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Public choice theory is a branch of economics that studies the decision-making behavior of voters, politicians and government officials from the perspective of economic theory, namely game theory and decision theory. It can be considered as a bridge between economics and political science. Public choice theory may also be referred to as rational choice theory, positive political theory, social choice theory, and political economic theory. Also see Public Choice.
Perspective[edit | edit source]
Prior to the emergence of public choice theory, many economists tended to consider the government as an agent outside the scope of economic theory, whose actions depend on different considerations than those driving economic agents. (The many other economists who did place the state and its agents within such theory would include Vilfredo Pareto.)
Public choice theory attempts to look at governments from the perspective of the bureaucrats and politicians who compose them, and makes the assumption that they act in a self-interested way for the purpose of maximizing their own economic benefits (e.g. their personal wealth). The theory aims to apply economic analysis (usually decision theory and game theory) to the political decision-making process in order to reveal certain systematic trends towards inefficient government policies. There are also Austrian variants of public choice theory (suggested by Mises, Hayek, Kirzner, and Boettke) in which it is assumed that bureaucrats and politicians are benevolent but have access to limited information. The assumption that such benevolent political agents possess limited information for making decisions often results in conclusions similar to those generated separately by means of the rational self-interest assumptions.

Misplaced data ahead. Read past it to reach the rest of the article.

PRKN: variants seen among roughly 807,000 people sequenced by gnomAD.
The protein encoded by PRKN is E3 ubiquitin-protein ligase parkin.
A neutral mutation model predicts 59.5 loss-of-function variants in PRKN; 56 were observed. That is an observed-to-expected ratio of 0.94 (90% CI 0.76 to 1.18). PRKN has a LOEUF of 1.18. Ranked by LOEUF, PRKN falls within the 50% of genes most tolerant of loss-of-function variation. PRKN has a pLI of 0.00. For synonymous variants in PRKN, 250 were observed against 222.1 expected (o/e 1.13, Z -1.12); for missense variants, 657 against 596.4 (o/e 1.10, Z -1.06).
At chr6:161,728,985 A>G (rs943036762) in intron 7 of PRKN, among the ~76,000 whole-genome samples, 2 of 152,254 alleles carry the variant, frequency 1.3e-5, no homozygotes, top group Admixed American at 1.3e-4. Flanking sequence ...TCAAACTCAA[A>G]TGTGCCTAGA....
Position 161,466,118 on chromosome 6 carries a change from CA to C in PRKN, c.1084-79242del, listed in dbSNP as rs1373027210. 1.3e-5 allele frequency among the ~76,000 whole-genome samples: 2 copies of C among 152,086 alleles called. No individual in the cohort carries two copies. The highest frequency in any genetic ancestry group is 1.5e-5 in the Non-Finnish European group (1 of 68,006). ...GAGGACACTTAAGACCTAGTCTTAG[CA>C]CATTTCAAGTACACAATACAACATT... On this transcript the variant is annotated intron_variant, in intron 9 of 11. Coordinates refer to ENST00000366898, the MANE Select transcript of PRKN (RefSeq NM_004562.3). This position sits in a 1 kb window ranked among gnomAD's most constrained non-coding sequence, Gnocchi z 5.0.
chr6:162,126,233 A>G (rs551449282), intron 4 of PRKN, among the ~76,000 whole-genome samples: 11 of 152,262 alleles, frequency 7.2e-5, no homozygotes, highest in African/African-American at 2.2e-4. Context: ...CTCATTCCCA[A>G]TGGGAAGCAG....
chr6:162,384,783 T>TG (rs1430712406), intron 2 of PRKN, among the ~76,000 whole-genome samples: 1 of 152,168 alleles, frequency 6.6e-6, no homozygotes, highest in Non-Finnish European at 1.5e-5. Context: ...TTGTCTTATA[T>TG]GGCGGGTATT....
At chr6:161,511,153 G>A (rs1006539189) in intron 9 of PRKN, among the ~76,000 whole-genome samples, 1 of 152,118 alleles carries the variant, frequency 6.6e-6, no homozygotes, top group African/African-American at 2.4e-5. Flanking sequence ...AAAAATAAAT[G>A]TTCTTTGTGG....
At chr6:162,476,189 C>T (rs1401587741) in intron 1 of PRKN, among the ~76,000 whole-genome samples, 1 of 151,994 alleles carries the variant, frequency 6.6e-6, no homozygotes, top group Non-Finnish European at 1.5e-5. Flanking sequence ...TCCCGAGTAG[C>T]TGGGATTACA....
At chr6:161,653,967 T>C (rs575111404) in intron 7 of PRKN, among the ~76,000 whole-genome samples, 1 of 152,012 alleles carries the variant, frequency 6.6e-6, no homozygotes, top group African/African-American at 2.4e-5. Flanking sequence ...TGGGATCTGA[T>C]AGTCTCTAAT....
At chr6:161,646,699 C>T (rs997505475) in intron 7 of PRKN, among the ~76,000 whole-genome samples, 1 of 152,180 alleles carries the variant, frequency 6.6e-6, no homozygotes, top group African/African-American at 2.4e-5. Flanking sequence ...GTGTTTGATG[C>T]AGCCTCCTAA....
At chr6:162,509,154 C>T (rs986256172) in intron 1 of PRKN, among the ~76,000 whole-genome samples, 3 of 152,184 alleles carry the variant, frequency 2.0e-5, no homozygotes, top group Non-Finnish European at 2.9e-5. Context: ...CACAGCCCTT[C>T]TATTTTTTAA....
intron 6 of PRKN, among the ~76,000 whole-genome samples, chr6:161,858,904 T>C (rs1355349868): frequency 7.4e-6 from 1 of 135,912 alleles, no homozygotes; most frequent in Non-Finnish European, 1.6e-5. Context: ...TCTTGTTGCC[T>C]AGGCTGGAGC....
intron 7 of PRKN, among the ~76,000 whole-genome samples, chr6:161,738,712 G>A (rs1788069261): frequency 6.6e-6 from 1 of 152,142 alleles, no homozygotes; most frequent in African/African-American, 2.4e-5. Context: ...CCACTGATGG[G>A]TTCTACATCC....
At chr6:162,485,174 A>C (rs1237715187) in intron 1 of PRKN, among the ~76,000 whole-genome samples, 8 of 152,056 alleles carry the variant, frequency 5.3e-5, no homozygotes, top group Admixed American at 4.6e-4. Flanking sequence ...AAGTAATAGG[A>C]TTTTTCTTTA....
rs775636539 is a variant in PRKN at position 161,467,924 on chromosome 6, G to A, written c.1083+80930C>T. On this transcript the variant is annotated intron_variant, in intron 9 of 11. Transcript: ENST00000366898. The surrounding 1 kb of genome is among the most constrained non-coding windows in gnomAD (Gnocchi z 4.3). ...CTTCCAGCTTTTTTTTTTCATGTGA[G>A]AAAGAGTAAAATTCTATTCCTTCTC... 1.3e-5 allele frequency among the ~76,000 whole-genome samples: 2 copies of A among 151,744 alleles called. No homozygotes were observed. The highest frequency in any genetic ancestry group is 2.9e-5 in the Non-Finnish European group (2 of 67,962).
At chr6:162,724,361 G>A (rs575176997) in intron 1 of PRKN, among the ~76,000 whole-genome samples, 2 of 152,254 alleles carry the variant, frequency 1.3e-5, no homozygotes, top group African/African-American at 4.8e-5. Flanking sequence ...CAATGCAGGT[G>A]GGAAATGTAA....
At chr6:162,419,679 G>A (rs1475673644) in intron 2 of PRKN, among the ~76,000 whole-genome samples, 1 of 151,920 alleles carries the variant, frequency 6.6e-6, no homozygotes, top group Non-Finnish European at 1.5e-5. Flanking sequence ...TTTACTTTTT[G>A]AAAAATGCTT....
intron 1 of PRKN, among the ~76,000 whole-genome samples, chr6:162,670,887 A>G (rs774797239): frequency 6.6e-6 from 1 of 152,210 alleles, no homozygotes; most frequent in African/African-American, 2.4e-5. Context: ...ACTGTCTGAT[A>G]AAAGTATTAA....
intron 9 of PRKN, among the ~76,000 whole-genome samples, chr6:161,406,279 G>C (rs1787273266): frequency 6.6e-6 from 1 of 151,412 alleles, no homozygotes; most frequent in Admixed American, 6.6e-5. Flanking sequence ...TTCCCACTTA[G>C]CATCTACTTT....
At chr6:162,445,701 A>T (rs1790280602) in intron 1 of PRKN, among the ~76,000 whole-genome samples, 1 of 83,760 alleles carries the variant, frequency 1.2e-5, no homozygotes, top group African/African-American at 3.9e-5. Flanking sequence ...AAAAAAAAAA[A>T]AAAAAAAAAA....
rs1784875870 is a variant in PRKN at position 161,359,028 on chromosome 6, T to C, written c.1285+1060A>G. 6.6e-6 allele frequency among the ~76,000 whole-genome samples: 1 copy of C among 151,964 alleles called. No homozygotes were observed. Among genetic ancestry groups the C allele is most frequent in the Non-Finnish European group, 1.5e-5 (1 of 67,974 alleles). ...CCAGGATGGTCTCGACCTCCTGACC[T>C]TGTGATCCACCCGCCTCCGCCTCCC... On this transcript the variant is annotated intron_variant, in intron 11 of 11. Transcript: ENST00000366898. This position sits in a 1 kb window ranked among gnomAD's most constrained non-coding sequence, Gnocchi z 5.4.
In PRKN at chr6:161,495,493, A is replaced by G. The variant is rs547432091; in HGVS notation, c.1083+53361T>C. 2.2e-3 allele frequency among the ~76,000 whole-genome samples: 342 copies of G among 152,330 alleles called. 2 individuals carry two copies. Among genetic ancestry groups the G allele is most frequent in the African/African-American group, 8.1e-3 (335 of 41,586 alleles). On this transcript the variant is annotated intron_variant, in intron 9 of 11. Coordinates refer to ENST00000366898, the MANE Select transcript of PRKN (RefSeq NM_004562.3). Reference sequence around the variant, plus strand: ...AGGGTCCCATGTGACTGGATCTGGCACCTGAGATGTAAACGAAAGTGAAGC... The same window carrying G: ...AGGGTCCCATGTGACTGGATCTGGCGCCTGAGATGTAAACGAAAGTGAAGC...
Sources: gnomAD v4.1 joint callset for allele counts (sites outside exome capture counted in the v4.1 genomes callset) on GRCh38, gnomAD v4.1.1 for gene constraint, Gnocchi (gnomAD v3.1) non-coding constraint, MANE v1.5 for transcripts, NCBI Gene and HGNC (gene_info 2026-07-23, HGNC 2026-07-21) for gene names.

Positive public choice theory focuses on the question of what government policies are likely to be implemented in a given political setting, while normative public choice theory considers what policies would produce a desirable outcome if they were implemented.
Claims[edit | edit source]
One of the basic claims that results from public choice theory is that good government policies in a democracy are an underprovided public good, because of the rational ignorance of the voters. Each voter is faced with an infinitesimally small probability that his vote will change the result of the elections, while gathering the relevant information necessary for a well-informed voting decision requires substantial time and effort. Therefore, the rational decision for each voter is to be generally ignorant of politics and perhaps even abstain from voting. Rational choice theorists claim that this explains the gross ignorance of most citizens in modern democracies as well as low voter turnout.
While the good government tends to be a pure public good for the mass of voters, there exists a plethora of various interest groups that have strong incentives for lobbying the government to implement specific inefficient policies that would benefit them at the expense of the general public. For example, lobbying by the sugar manufacturers might result in an inefficient subsidy for the production of sugar, either direct or by protectionist measures. The costs of such inefficient policy are dispersed over all citizens, and therefore unnoticeable to each individual. On the other hand, the benefits are shared by a very small special interest group, who has very strong incentives to perpetuate the policy by further lobbying. The vast majority of voters will be completely unaware of the whole affair due to the phenomenon of rational ignorance. Therefore, theorists expect that numerous special interests will be able to successfully lobby for various inefficient policies.